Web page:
On Feb. 9, 2020, United States Members of Congress Gregory Meeks and Yvette Clarke, hosted a town hall meeting in Brooklyn, to brief the Guyanese-American community on their recent fact finding mission to Guyana. The Congressional delegation, which was led by Congressman Albio Sires, visited Guyana on Jan. 22, 2020.
At said meeting, I brought to the attention of the legislators, the following Sept. 19, 2019 joint statement by United States of America Ambassador to Guyana, H.E. Ambassador Sarah-Ann Lynch, United Kingdom High Commissioner to Guyana, H.E. Greg Quinn and the European Union Ambassador to Guyana, H.E. Ambassador Fernando Ponz Cantó.
QUOTE: “The United States, United Kingdom and the European Union thank the Guyana Elections Commission (GECOM) for devising a proposed elections timeframe for conducting General and Regional Elections. However, we deeply regret that, by surpassing September 18, the Government is currently in breach of the Constitution following its failure to adhere to the decisions of the Caribbean Court of Justice (CCJ) on 18 June and its subsequent orders. This situation comes at great cost to the people of Guyana. The prevailing political uncertainty undermines Guyanese institutions, compromises economic opportunities and delays development across all areas including infrastructure, education, health, and social services. It also hinders our ability to support Guyana’s development needs. We therefore call upon the President to set an elections date immediately in full compliance with Guyana’s constitution.” END QUOTE.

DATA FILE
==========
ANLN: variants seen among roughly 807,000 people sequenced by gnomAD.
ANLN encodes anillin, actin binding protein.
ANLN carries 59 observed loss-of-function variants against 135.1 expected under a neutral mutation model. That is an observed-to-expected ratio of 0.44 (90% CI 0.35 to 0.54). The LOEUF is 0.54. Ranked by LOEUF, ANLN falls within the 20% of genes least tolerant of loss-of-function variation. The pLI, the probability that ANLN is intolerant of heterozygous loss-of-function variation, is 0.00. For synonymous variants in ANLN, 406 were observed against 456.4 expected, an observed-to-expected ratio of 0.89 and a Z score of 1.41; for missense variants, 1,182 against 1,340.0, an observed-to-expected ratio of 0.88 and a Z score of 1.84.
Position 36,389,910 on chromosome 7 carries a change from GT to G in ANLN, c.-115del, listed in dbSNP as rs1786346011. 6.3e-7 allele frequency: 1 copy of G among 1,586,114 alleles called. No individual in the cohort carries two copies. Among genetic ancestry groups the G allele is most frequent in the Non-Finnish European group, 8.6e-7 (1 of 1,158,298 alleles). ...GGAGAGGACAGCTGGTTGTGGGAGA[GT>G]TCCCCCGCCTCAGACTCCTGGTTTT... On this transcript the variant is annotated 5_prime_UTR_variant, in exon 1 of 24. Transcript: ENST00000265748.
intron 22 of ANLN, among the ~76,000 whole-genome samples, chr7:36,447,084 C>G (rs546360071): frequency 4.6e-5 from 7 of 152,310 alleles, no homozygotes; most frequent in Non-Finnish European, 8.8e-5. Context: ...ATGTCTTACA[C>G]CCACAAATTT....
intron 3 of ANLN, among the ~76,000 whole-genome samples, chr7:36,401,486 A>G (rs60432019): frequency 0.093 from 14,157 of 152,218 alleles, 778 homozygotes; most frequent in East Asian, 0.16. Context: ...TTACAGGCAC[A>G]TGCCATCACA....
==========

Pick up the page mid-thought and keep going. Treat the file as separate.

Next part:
The members of Congress unequivocally disagreed that the APNU+AFC coalition government had breached the Constitution of Guyana. They contended that there was no evidence of any constitutional violation. Moreover, the Members of Congress said the United States ambassador to Guyana had affirmed this conclusion.
I raised this matter with the Members of Congress because there is indeed no evidence of a constitutional breach by Guyana’s coalition government. No court in Guyana or the Caribbean Court of Justice made such a finding. Therefore, the ambassadors’ statement is inexplicable. It referenced no legal authority for is shocking assertion, which the nation perceived as an attack on the democratically elected government of Guyana. This erroneous statement appeared to be predicated singularly on false propaganda by the opposition PPP and other anti-government entities.
I have the utmost respect and admiration for these ambassadors. I believe that they are objective and want to ensure that the March 2, 2020 elections are credible, free and fair. I see their love and respect for the Guyanese people, and appreciate their eagerness to assist Guyana to achieve its development goals.
Diplomats must eschew embracing one political party or another in an elections, as well as eschew the perception thereof. This is precisely why the Sept. 19, 2019 statement, which was damaging to our country and led to partisan attacks against the government, requires urgent clarification by the US ambassador.
Rickford Burke is the president, Caribbean Guyana Institute for Democracy (CGID)